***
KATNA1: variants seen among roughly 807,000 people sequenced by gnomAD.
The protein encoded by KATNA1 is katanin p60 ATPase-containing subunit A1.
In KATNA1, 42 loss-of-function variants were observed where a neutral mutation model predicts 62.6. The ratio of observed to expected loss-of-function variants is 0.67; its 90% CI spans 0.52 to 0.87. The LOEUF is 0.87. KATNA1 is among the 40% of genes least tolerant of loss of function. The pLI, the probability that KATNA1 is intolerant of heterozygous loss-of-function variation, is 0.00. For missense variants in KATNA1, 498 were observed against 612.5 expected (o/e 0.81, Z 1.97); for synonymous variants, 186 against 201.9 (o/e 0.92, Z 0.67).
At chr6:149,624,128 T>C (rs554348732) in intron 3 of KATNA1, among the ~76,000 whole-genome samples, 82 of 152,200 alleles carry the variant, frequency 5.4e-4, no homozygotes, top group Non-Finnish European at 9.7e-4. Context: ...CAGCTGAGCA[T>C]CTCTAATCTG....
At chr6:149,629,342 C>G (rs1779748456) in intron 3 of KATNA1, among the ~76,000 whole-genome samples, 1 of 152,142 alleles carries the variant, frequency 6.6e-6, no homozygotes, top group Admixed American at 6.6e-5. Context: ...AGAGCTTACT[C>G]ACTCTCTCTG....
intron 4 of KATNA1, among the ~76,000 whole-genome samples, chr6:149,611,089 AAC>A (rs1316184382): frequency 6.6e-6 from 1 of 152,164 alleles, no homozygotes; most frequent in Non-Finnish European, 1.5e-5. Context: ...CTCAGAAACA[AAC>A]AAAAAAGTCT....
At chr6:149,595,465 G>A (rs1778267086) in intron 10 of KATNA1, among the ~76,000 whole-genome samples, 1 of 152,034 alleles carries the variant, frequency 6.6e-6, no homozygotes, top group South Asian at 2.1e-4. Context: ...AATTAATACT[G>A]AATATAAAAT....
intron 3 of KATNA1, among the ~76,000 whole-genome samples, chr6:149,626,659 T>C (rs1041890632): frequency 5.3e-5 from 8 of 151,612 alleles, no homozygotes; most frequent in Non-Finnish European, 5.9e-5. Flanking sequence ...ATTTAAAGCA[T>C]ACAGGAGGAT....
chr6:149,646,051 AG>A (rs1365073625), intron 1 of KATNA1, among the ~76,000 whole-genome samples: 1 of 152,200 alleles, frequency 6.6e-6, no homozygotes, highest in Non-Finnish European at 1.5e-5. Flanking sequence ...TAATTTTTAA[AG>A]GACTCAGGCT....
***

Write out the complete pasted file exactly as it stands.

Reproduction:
KATNA1: variants seen among roughly 807,000 people sequenced by gnomAD.
The protein encoded by KATNA1 is katanin p60 ATPase-containing subunit A1.
In KATNA1, 42 loss-of-function variants were observed where a neutral mutation model predicts 62.6. The ratio of observed to expected loss-of-function variants is 0.67; its 90% CI spans 0.52 to 0.87. The LOEUF is 0.87. KATNA1 is among the 40% of genes least tolerant of loss of function. The pLI, the probability that KATNA1 is intolerant of heterozygous loss-of-function variation, is 0.00. For missense variants in KATNA1, 498 were observed against 612.5 expected (o/e 0.81, Z 1.97); for synonymous variants, 186 against 201.9 (o/e 0.92, Z 0.67).
At chr6:149,624,128 T>C (rs554348732) in intron 3 of KATNA1, among the ~76,000 whole-genome samples, 82 of 152,200 alleles carry the variant, frequency 5.4e-4, no homozygotes, top group Non-Finnish European at 9.7e-4. Context: ...CAGCTGAGCA[T>C]CTCTAATCTG....
At chr6:149,629,342 C>G (rs1779748456) in intron 3 of KATNA1, among the ~76,000 whole-genome samples, 1 of 152,142 alleles carries the variant, frequency 6.6e-6, no homozygotes, top group Admixed American at 6.6e-5. Context: ...AGAGCTTACT[C>G]ACTCTCTCTG....
intron 4 of KATNA1, among the ~76,000 whole-genome samples, chr6:149,611,089 AAC>A (rs1316184382): frequency 6.6e-6 from 1 of 152,164 alleles, no homozygotes; most frequent in Non-Finnish European, 1.5e-5. Context: ...CTCAGAAACA[AAC>A]AAAAAAGTCT....
At chr6:149,595,465 G>A (rs1778267086) in intron 10 of KATNA1, among the ~76,000 whole-genome samples, 1 of 152,034 alleles carries the variant, frequency 6.6e-6, no homozygotes, top group South Asian at 2.1e-4. Context: ...AATTAATACT[G>A]AATATAAAAT....
intron 3 of KATNA1, among the ~76,000 whole-genome samples, chr6:149,626,659 T>C (rs1041890632): frequency 5.3e-5 from 8 of 151,612 alleles, no homozygotes; most frequent in Non-Finnish European, 5.9e-5. Flanking sequence ...ATTTAAAGCA[T>C]ACAGGAGGAT....
chr6:149,646,051 AG>A (rs1365073625), intron 1 of KATNA1, among the ~76,000 whole-genome samples: 1 of 152,200 alleles, frequency 6.6e-6, no homozygotes, highest in Non-Finnish European at 1.5e-5. Flanking sequence ...TAATTTTTAA[AG>A]GACTCAGGCT....